Law enforcement facing legal issues leads to hiring problems


Over the past 6 months, FOX 5 has covered several Metro Atlanta Sheriff’s Deputies who have been arrested and face serious charges. These charges range from pedophilia to DUI.

Law enforcement experts spoke with FOX 5 about protocol during these investigations and the importance of preventing them.

The Georgia Council for Standards and Training of Law Enforcement Officers, or POST, said there are typically 1,500 investigations involving officer misconduct a year out of about 60,000 law enforcement personnel in the country. State of Georgia. Experts said their standards were high when recruiting and high when conducting these internal investigations.

Just about every sheriff’s office in Metro Atlanta is hiring.

“A lot of people didn’t just want to be law enforcement in 2020,” said Sgt. Jeremy Blake of the Cobb County Sheriff’s Office said.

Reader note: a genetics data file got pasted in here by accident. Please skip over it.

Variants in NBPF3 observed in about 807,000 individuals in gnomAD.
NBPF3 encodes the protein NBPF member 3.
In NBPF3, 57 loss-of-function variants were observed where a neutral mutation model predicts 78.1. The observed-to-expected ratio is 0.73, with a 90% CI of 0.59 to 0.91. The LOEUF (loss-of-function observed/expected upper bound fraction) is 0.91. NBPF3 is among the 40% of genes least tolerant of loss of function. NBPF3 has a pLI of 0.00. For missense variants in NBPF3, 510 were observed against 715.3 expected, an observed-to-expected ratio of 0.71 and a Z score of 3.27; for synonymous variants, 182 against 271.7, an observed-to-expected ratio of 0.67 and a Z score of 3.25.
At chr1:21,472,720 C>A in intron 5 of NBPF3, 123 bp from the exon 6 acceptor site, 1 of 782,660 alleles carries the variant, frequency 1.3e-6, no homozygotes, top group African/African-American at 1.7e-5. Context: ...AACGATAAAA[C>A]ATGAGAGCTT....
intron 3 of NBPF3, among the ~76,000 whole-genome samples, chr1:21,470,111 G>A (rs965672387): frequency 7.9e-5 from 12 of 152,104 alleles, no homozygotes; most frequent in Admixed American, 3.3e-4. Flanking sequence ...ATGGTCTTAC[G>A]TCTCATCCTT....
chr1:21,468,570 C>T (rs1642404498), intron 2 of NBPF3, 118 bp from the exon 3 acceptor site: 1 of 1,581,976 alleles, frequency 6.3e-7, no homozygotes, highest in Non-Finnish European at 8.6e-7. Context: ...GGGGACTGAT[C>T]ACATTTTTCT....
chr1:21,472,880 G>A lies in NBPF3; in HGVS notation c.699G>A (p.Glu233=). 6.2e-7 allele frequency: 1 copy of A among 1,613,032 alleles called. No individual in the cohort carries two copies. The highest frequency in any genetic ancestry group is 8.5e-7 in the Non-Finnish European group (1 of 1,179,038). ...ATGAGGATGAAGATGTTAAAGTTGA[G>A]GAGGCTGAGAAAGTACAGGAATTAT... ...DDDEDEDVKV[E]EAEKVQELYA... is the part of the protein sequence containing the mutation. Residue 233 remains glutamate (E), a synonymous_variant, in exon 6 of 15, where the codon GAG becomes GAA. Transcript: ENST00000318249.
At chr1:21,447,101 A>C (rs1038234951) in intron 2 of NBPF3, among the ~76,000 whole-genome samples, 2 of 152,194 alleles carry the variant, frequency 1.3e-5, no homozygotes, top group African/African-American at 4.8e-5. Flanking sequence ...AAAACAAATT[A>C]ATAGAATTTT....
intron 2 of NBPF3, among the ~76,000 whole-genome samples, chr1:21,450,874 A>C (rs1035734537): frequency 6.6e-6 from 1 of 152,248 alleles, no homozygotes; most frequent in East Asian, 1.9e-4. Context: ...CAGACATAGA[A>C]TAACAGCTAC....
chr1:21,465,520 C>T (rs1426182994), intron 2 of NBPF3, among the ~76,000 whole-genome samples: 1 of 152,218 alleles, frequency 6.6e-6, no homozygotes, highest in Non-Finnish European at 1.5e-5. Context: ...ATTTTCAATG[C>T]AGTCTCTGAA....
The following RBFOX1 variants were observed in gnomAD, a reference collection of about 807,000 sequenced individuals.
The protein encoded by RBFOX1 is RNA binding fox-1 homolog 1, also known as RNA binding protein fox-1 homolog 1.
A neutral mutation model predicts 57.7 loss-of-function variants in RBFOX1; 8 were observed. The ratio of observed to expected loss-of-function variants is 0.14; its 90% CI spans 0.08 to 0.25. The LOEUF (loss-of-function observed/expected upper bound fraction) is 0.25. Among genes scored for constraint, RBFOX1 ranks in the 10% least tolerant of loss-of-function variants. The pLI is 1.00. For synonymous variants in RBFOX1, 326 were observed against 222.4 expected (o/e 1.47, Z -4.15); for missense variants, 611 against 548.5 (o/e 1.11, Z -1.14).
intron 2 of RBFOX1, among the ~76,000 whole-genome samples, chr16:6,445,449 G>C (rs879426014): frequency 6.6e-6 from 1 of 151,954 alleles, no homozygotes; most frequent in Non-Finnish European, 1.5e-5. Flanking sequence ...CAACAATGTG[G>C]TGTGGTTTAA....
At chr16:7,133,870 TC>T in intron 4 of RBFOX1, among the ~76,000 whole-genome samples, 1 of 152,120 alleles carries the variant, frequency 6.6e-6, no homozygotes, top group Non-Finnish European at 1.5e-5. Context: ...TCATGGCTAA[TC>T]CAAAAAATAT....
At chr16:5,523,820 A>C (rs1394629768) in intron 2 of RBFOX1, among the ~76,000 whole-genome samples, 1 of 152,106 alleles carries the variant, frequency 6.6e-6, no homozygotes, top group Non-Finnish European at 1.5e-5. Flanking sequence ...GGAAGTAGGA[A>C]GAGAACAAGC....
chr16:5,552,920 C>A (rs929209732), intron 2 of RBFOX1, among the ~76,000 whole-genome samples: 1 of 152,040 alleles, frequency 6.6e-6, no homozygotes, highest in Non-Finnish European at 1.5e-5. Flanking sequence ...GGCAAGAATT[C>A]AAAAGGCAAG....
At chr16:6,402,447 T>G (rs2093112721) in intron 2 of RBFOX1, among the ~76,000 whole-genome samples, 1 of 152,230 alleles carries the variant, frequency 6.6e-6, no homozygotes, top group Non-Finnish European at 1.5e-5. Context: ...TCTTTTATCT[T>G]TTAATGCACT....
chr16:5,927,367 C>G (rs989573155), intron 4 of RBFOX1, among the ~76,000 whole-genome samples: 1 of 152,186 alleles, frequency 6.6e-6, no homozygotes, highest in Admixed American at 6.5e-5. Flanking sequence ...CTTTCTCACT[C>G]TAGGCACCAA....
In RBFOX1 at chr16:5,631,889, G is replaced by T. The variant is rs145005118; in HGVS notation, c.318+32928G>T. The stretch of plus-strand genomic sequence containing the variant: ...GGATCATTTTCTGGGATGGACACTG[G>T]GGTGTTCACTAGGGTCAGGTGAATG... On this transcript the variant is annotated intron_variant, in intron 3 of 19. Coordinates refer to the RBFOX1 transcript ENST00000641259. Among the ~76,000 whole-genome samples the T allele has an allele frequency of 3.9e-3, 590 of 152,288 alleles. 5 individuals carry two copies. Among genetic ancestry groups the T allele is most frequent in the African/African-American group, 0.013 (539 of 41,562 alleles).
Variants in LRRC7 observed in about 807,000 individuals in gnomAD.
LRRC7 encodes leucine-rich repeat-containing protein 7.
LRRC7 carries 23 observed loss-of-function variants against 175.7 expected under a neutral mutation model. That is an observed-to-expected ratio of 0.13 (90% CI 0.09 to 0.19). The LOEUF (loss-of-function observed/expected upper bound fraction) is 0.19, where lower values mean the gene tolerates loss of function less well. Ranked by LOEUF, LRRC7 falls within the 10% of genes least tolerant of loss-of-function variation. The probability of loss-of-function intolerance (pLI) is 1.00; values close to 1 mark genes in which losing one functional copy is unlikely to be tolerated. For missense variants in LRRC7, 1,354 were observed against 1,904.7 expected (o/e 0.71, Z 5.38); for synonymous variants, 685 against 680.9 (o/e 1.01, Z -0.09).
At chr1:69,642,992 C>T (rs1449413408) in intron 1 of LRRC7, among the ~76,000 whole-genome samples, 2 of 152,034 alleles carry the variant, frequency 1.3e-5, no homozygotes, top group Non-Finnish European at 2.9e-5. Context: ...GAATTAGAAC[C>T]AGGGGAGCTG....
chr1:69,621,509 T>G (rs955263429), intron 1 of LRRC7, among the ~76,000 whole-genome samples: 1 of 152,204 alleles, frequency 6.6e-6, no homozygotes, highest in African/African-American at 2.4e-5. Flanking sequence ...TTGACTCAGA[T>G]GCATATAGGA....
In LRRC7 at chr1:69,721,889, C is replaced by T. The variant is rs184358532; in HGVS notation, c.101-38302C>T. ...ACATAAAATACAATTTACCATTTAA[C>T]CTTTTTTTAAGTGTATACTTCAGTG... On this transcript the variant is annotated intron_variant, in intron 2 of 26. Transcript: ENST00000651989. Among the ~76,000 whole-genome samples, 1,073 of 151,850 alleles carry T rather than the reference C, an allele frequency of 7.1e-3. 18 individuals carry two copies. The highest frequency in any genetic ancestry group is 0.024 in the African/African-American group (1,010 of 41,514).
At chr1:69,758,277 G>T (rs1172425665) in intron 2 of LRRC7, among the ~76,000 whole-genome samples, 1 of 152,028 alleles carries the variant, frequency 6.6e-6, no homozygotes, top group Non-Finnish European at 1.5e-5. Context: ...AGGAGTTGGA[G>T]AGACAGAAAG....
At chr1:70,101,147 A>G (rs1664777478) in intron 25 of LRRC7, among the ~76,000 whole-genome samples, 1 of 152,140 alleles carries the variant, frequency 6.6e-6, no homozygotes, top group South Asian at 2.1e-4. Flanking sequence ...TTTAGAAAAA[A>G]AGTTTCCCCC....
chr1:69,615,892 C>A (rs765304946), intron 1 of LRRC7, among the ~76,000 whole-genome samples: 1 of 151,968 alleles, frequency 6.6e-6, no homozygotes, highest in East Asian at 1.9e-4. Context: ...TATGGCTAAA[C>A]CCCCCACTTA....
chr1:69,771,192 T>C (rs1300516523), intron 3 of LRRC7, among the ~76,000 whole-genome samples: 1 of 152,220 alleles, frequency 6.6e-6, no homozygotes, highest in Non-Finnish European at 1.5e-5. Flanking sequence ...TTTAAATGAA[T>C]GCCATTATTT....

“We need to do more than just a job interview. We need to look at their social media. We need to ask for references,” said Cedric Alexander, national law enforcement analyst and former county director of public safety. by DeKalb.

In October of last year, a former DeKalb County detention officer was charged with having sex with an inmate.

In December, FOX 5 reported a Rockdale County deputy charged with impaired driving.

In January, a former Cobb County deputy was charged after contraband was discovered at a detention center.

This month, a Spalding County deputy was charged with sending obscene material to a teenager and a DeKalb County deputy was charged with child molestation and rape.

The Georgia Council for Standards and Training of Peace Officers, or POST, said it oversees such investigations and the number of cases is typical.

“If you look at the overall numbers [compared to last year] it’ll be pretty consistent,” POST’s Mike Ayers said.

“People make mistakes,” Alexander explained, “but law enforcement officers are held to a higher standard.”

Alexander said the misconduct highlights the importance of a strong recruiting process.

It’s not lost on the Cobb County Sheriff’s Office.

sergeant. Jeremy Blake said they revamped their recruiting process over the past year. There are now four recruitment officers, instead of two. They go to hiring events and look for recruits instead of holding stand-alone events, expecting recruits to come to them.




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